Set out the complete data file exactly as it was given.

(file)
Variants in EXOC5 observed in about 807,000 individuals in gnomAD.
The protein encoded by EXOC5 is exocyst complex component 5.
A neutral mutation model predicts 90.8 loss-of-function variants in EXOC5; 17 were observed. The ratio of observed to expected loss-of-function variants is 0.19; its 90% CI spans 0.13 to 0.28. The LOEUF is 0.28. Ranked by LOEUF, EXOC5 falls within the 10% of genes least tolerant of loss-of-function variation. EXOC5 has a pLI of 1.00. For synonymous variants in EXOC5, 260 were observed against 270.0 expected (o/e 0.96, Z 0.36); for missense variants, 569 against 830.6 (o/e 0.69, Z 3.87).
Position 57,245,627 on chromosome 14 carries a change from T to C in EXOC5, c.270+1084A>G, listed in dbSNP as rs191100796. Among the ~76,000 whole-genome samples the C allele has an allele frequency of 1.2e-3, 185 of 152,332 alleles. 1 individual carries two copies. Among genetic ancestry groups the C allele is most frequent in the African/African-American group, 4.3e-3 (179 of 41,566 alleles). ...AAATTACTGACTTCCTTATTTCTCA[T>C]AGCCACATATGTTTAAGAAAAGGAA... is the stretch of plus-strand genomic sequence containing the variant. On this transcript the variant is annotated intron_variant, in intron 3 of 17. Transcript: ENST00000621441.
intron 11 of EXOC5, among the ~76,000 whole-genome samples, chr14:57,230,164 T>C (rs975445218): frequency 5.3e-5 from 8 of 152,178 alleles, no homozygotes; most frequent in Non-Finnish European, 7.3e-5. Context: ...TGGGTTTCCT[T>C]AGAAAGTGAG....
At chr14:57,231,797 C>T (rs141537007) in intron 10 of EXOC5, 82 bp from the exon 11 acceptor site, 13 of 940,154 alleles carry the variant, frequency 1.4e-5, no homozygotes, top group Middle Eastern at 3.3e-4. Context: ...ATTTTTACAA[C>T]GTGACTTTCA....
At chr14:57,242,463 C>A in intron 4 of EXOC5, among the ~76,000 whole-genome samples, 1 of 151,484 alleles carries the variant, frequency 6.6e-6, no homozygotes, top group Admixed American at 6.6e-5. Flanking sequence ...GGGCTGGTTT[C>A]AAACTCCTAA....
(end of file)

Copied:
Variants in EXOC5 observed in about 807,000 individuals in gnomAD.
The protein encoded by EXOC5 is exocyst complex component 5.
A neutral mutation model predicts 90.8 loss-of-function variants in EXOC5; 17 were observed. The ratio of observed to expected loss-of-function variants is 0.19; its 90% CI spans 0.13 to 0.28. The LOEUF is 0.28. Ranked by LOEUF, EXOC5 falls within the 10% of genes least tolerant of loss-of-function variation. EXOC5 has a pLI of 1.00. For synonymous variants in EXOC5, 260 were observed against 270.0 expected (o/e 0.96, Z 0.36); for missense variants, 569 against 830.6 (o/e 0.69, Z 3.87).
Position 57,245,627 on chromosome 14 carries a change from T to C in EXOC5, c.270+1084A>G, listed in dbSNP as rs191100796. Among the ~76,000 whole-genome samples the C allele has an allele frequency of 1.2e-3, 185 of 152,332 alleles. 1 individual carries two copies. Among genetic ancestry groups the C allele is most frequent in the African/African-American group, 4.3e-3 (179 of 41,566 alleles). ...AAATTACTGACTTCCTTATTTCTCA[T>C]AGCCACATATGTTTAAGAAAAGGAA... is the stretch of plus-strand genomic sequence containing the variant. On this transcript the variant is annotated intron_variant, in intron 3 of 17. Transcript: ENST00000621441.
intron 11 of EXOC5, among the ~76,000 whole-genome samples, chr14:57,230,164 T>C (rs975445218): frequency 5.3e-5 from 8 of 152,178 alleles, no homozygotes; most frequent in Non-Finnish European, 7.3e-5. Context: ...TGGGTTTCCT[T>C]AGAAAGTGAG....
At chr14:57,231,797 C>T (rs141537007) in intron 10 of EXOC5, 82 bp from the exon 11 acceptor site, 13 of 940,154 alleles carry the variant, frequency 1.4e-5, no homozygotes, top group Middle Eastern at 3.3e-4. Context: ...ATTTTTACAA[C>T]GTGACTTTCA....
At chr14:57,242,463 C>A in intron 4 of EXOC5, among the ~76,000 whole-genome samples, 1 of 151,484 alleles carries the variant, frequency 6.6e-6, no homozygotes, top group Admixed American at 6.6e-5. Flanking sequence ...GGGCTGGTTT[C>A]AAACTCCTAA....